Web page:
Lawyers share top hon­ours in this year’s Western Canada Gen­eral Coun­sel Awards.


National Post (National Edition) - - FRONT PAGE - JIM MIDDLEMISS


How to de­cide which lawyer should get the nod for gen­eral coun­sel of the year was a chal­lenge. On the one hand, there’s one of the big­gest merger and ac­qui­si­tion deals in the pipe­line busi­ness, and on the other is a scrappy and grow­ing forestry firm that — yet again — finds it­self em­broiled in the softwood lumber dis­pute.

So this year’s judg­ing panel solved that by declar­ing a rare tie, award­ing top hon­ours to a cou­ple of sea­soned gen­eral coun­sel: Harry An­der­sen, se­nior vice-pres­i­dent, ex­ter­nal af­fairs and chief le­gal of­fi­cer at Cal­gary-based Pem­bina Pipe­line Corp., and David M. Cal­abrigo, se­nior vice-pres­i­dent, cor­po­rate de­vel­op­ment, le­gal af­fairs and cor­po­rate sec­re­tary at Can­for Corp. and Can­for Pulp Prod­ucts Inc.

It’s been a busy year for both. In the spring, Pem­bina bought smaller ri­val Vere­sen Inc. for $9.7 bil­lion. An­der­sen called it a “trans­for­ma­tional deal” that makes Pem­bina one of the largest en­ergy in­fra­struc­ture com­pa­nies in the coun­try, with a 10,000-km net­work of pipe­lines in B.C., Al­berta, Saskatchewan and North Dakota.

“I’m heav­ily in­volved in ac­qui­si­tions,” says An­der­sen. “That’s a big part of my role.”

Pem­bina, which traces its roots to 1954, went pub­lic in 1997 in a $62-mil­lion IPO. Fol­low­ing the Vere­sen ac­qui­si­tion, Pem­bina’s en­ter­prise value topped $31 bil­lion.

“The pace of change is un­prece­dented” in the en­ergy sec­tor, An­der­sen says. There is more to come, too, as the sec­tor pre­pares for a “mas­sive swell of change com­ing on the reg­u­la­tory side,” with a re­vamp­ing of the Na­tional En­ergy Board.

At Van­cou­ver-based Can­for, Cal­abrigo has seen his com­pany grow dra­mat­i­cally since he joined in 2001. His role has ex­panded from a purely le­gal func­tion to in­clude such tasks as cor­po­rate strat­egy and de­vel­op­ment, over­see­ing hu­man re­sources and di­rect­ing cap­i­tal ex­pen­di­ture — de­ci­sions that help shape the fu­ture of the firm.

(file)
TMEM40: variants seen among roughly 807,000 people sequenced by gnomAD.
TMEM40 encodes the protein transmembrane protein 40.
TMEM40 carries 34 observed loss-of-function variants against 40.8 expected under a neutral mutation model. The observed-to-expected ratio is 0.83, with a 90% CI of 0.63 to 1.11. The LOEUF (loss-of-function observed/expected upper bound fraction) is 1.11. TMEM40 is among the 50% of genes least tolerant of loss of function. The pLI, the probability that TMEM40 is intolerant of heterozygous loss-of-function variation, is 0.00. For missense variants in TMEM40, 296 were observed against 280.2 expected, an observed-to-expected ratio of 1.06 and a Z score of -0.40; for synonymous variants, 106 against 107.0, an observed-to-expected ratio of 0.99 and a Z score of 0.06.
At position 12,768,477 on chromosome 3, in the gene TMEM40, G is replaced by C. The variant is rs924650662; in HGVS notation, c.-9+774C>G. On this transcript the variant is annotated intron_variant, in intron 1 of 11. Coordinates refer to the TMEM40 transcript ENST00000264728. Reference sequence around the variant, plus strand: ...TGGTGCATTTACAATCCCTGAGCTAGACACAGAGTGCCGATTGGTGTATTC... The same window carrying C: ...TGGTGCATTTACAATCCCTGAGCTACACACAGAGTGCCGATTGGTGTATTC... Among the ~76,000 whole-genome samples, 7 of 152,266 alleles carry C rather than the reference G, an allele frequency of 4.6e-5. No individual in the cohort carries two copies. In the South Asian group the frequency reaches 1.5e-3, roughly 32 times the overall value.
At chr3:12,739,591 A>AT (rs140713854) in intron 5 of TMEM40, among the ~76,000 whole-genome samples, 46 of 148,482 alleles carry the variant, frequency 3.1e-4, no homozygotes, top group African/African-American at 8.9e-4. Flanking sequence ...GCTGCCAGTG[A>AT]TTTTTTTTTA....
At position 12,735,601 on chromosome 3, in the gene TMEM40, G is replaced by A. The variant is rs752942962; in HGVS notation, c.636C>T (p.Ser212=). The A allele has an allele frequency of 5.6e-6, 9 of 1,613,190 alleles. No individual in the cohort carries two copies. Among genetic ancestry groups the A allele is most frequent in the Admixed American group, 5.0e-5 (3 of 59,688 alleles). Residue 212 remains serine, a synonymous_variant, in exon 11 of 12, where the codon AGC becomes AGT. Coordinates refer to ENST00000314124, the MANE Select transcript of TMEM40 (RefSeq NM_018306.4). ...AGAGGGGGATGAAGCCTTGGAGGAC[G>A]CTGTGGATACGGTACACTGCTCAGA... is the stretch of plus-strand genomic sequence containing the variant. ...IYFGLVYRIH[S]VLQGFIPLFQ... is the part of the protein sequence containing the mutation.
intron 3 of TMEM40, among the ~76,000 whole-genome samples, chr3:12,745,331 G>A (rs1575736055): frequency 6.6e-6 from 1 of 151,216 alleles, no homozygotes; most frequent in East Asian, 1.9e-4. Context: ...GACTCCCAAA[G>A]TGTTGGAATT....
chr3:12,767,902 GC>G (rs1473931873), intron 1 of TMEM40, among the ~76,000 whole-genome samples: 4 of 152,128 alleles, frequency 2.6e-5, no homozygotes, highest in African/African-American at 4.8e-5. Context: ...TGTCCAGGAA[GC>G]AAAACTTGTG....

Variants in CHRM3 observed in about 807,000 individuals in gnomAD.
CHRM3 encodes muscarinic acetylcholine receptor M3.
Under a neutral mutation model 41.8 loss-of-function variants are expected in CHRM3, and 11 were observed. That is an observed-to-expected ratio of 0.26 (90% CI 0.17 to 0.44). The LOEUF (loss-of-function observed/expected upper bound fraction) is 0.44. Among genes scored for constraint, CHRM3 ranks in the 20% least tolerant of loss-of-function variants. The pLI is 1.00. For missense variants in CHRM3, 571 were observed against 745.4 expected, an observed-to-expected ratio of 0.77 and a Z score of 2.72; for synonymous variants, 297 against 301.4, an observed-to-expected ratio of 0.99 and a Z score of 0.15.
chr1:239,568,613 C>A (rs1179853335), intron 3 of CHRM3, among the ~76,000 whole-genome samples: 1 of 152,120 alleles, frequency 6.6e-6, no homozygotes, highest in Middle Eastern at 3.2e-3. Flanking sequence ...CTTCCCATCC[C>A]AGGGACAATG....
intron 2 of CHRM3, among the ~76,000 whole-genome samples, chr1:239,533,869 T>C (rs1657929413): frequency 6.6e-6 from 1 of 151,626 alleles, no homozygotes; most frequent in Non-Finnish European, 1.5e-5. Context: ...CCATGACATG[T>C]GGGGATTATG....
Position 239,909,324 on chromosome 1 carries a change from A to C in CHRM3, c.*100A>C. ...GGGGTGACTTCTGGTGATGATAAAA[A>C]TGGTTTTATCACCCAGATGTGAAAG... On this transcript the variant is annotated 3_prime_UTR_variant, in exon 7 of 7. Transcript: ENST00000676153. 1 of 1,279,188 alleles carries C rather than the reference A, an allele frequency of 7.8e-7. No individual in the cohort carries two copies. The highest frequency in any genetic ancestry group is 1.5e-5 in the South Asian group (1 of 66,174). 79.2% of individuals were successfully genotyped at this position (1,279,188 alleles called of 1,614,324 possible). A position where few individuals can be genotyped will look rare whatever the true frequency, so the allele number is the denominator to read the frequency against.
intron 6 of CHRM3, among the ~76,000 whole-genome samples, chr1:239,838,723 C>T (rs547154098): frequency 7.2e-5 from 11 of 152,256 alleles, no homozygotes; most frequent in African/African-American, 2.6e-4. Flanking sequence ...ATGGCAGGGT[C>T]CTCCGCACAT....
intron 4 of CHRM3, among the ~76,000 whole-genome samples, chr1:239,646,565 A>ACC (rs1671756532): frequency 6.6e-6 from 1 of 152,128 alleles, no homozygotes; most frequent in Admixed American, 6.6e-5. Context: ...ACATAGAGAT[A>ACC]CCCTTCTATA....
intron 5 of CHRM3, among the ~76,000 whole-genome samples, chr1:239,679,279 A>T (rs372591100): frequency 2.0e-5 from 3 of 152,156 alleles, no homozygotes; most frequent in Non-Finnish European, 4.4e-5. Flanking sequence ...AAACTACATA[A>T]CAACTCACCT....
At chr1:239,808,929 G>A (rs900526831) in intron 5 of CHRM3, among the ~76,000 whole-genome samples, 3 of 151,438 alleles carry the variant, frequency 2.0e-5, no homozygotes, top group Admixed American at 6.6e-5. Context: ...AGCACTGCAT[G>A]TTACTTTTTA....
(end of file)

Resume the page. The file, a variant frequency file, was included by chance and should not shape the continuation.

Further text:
Can­for is one of the world’s largest pro­duc­ers of lumber, pulp and pa­per, with 13 sawmills, four pulp mills and 14 plants. Founded in 1938, it op­er­ates in Canada, the U.S., Asia and Europe. Much of its ex­pan­sion in the past few years has been in the U.S. south­east, led by Cal­abrigo.

Can­for has been busy snap­ping up fam­ily-op­er­ated mills and closely held com­pa­nies as the lumber sec­tor con­sol­i­dates. Cal­abrigo said the big­gest change he has seen in his 16 years as an in­house lawyer has been the global ex­pan­sion of busi­ness.

“Busi­ness trans­ac­tions hap­pen on an in­ter­na­tional scale,” he says. “No longer can gen­eral coun­sel fo­cus on the prov­ince or coun­try in which he or she op­er­ates.” In fact, this re­quires the build­ing of a net­work of le­gal ex­perts around the globe.

An­der­sen has also seen global changes in the busi­ness land­scape. Shortly be­fore join­ing Pem­bina, he was in­volved with one of the first ma­jor oil­sands in­vest­ments by a Chi­nese firm, PetroChina’s in­vest­ment in Athabasca Oil Sands Corp. in 2009. It was an “in­ter­est­ing ex­pe­ri­ence," he says, “un­der­stand­ing the Chi­nese cul­ture and how they do busi­ness.”

An­der­sen said one of the things he takes most pride in is “de­vel­op­ing our peo­ple.” Six of his di­rect re­ports are ei­ther now vice-pres­i­dents or “bur­geon­ing VPs” within the com­pany, in­clud­ing four from the le­gal de­part­ment. “I’ve seen them grow their wings in some­thing that is not law.”

De­vel­op­ing busi­ness acu­men to com­ple­ment le­gal skills is crit­i­cal to ad­vance­ment, he says. For­mer CEO David Emer­son asked Cal­abrigo early in his ca­reer to take on hu­man re­sources af­ter some­one sud­denly re­tired. Cal­abrigo told his boss he wasn’t in­ter­ested, but Emer­son told him he had to “think dif­fer­ently” if he wanted to ad­vance and de­velop in the com­pany. “I never thought of it that way. It opened my eyes to other things I could do in the com­pany,” Cal­abrigo said, and he hasn’t looked back.

In fact, it’s ad­vice he still gets from cur­rent CEO Don Kayne. “He is all about that with me,” Cal­abrigo says, not­ing Kayne en­cour­ages him to get in­volved in all as­pects of oper­a­tions and strat­egy, rather than sim­ply “sit­ting in my of­fice think­ing about le­gal con­tracts.”

An­der­sen adds that the key to suc­cess as a gen­eral coun­sel is be­ing proac­tive and de­vel­op­ing the mind­set to run a busi­ness. For lawyers steeped in the law, but not nec­es­sar­ily man­ag­ing peo­ple, that is not an easy tran­si­tion, he notes. To help that along, An­der­sen hired a per­sonal coach to learn how to man­age large groups of peo­ple. “I swal­lowed my pride,” he says, adding that hir­ing a coach “was one of the best things I have done.”

Fi­nal­ists in the gen­eral coun­sel of the year cat­e­gory in­cluded: Michel Bélec, se­nior vice-pres­i­dent, chief le­gal of­fi­cer and cor­po­rate sec­re­tary, Telus In­ter­na­tional; Pierre Mag­nan, in­terim se­nior vice-pres­i­dent, sup­ply and trad­ing, and vice-pres­i­dent, gen­eral coun­sel and cor­po­rate sec­re­tary, Park­land Fuel Corp.; Paul M. Men­des, vi­cepres­i­dent, le­gal, gen­eral coun­sel and cor­po­rate sec­re­tary, Cana­dian Nat­u­ral Re­sources Ltd.; Bar­bara Mun­roe, ex­ec­u­tive vice-pres­i­dent, cor­po­rate ser­vices and gen­eral coun­sel, WestJet Air­lines Ltd.

Newspapers in English

Newspapers from Canada

© PressReader. All rights reserved.